The Achieving Society

Posted: 4 Nov 2009

Date Written: 1961


Examines the motivation for achievement as a psychological factor that shapes economic development. Refuting arguments based on race, climate, or population growth, the book instead argues for cultural customs and motivations - especially the motivation for achievement - as the major catalysts of economic growth. Considering the Protestant Reformation, the rise of capitalism, parents' influences on sons, and folklore and children's stories as shaping cultural motivations for achievement, the book hypothesizes that a high level of achievement motivation precedes economic growth. This is supported through qualitative analysis of the achievement motive, as well as of other psychological factors - including entrepreneurial behavior and characteristics, and available sources of achievement in past and present highly achieving societies. It is the achievement motive - and not merely the profit motive or the desire for material gain - that has advanced societies economically. Consequently, individuals are not merely products of their environment, as many social scientists have asserted, but also creators of the environment, as they manipulate it in various ways in the search for achievement. Finally, a plan is hypothesized to accelerate economic growth in developing countries, by encouraging and supplementing their achievement motives through mobilizing the greater achievement resources of developed countries. The conclusion is not just that motivations shape economic progress, but that current influences on future people's motivations and values will determine economic growth in the long run. Thus, it is most beneficial for a society to concentrate its resources on creating an environment conducive to entrepreneurship and a strong ideological base for achievement. (CJC)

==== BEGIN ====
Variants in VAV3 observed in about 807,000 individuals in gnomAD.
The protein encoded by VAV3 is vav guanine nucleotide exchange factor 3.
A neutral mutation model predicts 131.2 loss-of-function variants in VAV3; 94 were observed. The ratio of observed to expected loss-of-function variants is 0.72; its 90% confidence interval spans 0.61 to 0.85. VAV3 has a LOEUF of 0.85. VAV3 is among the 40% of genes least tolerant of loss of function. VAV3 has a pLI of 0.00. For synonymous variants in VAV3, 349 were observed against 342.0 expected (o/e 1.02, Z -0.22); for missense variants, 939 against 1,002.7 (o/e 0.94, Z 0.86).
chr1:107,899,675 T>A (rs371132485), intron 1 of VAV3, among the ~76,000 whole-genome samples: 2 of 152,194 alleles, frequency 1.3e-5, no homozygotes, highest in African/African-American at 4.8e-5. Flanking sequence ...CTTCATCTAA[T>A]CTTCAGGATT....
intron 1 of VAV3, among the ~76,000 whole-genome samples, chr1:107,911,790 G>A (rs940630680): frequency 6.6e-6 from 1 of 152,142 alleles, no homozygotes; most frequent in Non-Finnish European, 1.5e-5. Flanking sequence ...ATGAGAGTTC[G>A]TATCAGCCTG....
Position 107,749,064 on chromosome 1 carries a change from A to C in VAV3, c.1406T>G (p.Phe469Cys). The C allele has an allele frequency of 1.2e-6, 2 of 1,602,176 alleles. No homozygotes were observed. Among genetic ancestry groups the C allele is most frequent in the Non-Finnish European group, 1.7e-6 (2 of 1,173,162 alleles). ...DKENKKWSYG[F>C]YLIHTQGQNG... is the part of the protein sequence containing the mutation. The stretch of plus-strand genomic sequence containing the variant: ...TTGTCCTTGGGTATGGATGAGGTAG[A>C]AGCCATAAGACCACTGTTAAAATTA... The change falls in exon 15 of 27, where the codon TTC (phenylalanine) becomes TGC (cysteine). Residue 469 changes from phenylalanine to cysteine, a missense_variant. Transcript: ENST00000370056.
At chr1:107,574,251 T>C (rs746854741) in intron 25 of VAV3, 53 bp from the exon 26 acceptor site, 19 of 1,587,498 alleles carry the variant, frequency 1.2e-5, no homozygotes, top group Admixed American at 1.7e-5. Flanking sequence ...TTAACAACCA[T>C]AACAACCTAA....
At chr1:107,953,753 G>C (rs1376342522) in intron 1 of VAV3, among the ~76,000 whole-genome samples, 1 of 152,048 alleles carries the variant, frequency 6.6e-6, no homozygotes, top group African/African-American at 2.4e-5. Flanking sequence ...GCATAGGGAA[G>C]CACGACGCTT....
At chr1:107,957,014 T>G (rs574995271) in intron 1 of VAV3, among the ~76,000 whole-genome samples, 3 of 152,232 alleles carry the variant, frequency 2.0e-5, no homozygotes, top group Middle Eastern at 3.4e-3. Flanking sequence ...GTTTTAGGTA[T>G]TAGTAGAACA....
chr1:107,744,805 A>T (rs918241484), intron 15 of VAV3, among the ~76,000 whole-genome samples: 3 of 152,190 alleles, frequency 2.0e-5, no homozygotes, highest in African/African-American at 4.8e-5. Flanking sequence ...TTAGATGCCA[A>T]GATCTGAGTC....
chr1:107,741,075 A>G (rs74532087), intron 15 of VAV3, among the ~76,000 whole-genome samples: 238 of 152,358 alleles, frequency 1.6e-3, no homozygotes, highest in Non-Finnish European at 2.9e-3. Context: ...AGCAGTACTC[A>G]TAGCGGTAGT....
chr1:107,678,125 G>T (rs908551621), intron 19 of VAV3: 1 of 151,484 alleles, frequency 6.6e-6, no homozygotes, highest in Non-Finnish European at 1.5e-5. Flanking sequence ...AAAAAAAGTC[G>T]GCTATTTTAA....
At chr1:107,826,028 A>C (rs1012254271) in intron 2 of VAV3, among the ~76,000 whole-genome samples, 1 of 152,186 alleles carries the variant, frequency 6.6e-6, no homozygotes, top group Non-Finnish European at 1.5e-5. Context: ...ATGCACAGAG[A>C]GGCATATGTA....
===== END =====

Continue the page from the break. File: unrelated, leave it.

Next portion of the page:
Keywords: Need for achievement, Psychological traits, Economic development, Cultural values, Motivation, Achievement measures, Environment

Suggested Citation

McClelland, David C., The Achieving Society (1961). University of Illinois at Urbana-Champaign's Academy for Entrepreneurial Leadership Historical Research Reference in Entrepreneurship, Available at SSRN:

David C. McClelland (Contact Author)

affiliation not provided to SSRN

No Address Available

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